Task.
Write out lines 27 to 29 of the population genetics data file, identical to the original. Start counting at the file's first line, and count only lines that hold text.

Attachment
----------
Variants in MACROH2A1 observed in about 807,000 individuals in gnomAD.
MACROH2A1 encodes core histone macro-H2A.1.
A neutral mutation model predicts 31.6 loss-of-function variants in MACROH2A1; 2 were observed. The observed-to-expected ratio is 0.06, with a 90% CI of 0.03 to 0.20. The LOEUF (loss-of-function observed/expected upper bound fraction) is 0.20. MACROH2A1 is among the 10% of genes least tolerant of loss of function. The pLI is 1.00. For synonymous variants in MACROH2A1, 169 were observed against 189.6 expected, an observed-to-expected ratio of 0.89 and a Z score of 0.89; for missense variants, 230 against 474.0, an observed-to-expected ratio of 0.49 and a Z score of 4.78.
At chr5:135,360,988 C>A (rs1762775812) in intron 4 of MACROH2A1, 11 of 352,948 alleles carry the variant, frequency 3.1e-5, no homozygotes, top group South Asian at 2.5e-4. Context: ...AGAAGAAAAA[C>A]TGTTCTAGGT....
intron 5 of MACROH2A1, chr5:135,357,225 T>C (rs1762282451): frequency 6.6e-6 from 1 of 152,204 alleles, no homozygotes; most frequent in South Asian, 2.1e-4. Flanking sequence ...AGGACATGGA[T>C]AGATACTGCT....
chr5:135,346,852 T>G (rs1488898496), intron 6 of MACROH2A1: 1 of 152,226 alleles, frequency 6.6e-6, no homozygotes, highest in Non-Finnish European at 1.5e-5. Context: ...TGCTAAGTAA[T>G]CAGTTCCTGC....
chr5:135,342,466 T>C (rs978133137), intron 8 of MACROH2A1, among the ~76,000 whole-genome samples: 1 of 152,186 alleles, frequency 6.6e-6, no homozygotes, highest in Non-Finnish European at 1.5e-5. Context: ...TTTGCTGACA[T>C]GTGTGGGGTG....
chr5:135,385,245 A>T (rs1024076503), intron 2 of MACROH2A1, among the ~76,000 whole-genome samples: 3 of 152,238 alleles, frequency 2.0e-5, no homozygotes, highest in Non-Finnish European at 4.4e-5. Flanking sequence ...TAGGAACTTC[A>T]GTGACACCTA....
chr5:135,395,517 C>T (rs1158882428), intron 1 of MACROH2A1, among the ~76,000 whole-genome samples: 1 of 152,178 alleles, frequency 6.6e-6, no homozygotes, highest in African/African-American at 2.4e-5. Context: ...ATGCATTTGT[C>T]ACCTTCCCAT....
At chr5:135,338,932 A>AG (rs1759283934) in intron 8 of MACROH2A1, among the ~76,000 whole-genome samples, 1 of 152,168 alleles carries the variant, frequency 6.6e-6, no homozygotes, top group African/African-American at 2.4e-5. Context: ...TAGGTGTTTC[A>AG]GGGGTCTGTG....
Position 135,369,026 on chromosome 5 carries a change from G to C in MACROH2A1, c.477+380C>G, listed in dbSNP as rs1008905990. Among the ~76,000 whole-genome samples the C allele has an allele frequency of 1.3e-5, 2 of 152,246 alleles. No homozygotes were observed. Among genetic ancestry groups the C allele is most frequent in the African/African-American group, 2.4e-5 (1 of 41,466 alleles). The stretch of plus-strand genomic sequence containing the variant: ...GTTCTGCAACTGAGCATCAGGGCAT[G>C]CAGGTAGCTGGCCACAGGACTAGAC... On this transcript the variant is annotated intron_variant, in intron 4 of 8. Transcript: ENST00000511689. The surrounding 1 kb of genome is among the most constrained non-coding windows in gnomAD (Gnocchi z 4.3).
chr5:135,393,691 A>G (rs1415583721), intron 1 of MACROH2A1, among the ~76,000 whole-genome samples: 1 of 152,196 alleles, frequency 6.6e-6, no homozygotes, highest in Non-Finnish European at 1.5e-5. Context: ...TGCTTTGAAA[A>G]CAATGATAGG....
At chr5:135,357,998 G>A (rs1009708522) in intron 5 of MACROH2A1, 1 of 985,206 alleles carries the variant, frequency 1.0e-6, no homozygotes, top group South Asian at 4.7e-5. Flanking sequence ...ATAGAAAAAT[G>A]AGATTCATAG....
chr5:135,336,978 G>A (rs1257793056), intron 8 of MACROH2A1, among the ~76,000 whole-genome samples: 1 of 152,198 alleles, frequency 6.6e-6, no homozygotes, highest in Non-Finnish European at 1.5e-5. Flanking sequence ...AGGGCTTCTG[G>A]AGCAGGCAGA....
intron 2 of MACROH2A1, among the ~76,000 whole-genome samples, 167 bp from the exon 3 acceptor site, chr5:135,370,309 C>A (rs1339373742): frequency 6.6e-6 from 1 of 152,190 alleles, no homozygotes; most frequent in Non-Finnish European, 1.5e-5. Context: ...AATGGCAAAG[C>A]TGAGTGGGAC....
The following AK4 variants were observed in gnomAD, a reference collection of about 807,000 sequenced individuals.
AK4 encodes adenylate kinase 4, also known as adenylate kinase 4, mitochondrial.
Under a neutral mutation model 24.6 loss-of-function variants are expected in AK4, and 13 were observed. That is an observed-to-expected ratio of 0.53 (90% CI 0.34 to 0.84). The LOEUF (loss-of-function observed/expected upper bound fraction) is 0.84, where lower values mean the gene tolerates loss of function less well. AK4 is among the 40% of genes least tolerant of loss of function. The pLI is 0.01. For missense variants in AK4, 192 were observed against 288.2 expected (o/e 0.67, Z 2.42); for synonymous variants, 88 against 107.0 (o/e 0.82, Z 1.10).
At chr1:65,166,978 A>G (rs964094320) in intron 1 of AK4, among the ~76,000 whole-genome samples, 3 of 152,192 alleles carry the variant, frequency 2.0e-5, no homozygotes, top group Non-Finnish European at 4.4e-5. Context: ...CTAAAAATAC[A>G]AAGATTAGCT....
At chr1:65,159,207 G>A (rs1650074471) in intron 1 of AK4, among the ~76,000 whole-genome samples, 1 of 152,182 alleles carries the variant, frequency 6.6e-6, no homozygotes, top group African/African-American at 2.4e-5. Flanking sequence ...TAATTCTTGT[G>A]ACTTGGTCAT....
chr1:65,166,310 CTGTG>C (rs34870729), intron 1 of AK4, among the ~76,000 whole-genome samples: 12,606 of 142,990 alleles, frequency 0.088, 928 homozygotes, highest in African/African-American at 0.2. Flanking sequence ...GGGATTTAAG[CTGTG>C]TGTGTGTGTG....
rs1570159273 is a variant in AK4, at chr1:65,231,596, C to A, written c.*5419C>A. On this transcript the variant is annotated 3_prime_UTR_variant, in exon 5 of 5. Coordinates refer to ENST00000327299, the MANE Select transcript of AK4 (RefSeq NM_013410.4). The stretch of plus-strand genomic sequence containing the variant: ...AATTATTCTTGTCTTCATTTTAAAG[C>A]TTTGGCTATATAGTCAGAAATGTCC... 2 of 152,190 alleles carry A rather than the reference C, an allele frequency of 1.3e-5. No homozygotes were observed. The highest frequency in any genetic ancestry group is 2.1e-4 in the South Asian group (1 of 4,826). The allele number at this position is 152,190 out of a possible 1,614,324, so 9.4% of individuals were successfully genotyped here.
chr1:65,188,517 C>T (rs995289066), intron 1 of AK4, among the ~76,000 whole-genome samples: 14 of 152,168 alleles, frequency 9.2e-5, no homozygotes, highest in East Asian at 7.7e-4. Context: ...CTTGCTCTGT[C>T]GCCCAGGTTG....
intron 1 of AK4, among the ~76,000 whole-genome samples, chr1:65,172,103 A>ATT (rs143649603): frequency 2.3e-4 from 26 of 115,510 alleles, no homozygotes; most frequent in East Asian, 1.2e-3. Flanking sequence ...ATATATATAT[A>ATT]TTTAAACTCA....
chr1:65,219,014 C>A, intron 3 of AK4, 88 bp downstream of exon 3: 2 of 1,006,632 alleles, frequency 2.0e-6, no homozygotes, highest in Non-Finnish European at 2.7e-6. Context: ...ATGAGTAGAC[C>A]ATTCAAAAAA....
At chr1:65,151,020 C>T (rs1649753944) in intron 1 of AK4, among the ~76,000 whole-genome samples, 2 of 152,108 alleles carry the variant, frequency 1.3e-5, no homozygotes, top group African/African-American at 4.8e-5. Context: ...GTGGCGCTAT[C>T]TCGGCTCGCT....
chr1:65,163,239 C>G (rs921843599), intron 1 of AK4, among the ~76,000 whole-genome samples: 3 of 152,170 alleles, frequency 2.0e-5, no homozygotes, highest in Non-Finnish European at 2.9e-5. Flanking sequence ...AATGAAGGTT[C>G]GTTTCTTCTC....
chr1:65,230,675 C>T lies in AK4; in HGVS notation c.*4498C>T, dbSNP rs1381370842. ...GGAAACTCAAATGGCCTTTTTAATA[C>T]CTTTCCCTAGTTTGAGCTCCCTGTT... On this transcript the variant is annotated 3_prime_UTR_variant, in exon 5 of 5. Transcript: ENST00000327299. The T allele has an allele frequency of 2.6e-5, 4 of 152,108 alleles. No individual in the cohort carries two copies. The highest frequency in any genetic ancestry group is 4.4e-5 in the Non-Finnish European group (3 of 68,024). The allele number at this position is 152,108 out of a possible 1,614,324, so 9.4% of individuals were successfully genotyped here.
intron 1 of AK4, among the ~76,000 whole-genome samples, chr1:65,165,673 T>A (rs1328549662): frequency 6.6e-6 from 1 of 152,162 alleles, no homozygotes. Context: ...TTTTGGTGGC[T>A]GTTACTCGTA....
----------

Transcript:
chr1:65,163,239 C>G (rs921843599), intron 1 of AK4, among the ~76,000 whole-genome samples: 3 of 152,170 alleles, frequency 2.0e-5, no homozygotes, highest in Non-Finnish European at 2.9e-5. Flanking sequence ...AATGAAGGTT[C>G]GTTTCTTCTC....
chr1:65,230,675 C>T lies in AK4; in HGVS notation c.*4498C>T, dbSNP rs1381370842. ...GGAAACTCAAATGGCCTTTTTAATA[C>T]CTTTCCCTAGTTTGAGCTCCCTGTT... On this transcript the variant is annotated 3_prime_UTR_variant, in exon 5 of 5. Transcript: ENST00000327299. The T allele has an allele frequency of 2.6e-5, 4 of 152,108 alleles. No individual in the cohort carries two copies. The highest frequency in any genetic ancestry group is 4.4e-5 in the Non-Finnish European group (3 of 68,024). The allele number at this position is 152,108 out of a possible 1,614,324, so 9.4% of individuals were successfully genotyped here.
intron 1 of AK4, among the ~76,000 whole-genome samples, chr1:65,165,673 T>A (rs1328549662): frequency 6.6e-6 from 1 of 152,162 alleles, no homozygotes. Context: ...TTTTGGTGGC[T>A]GTTACTCGTA....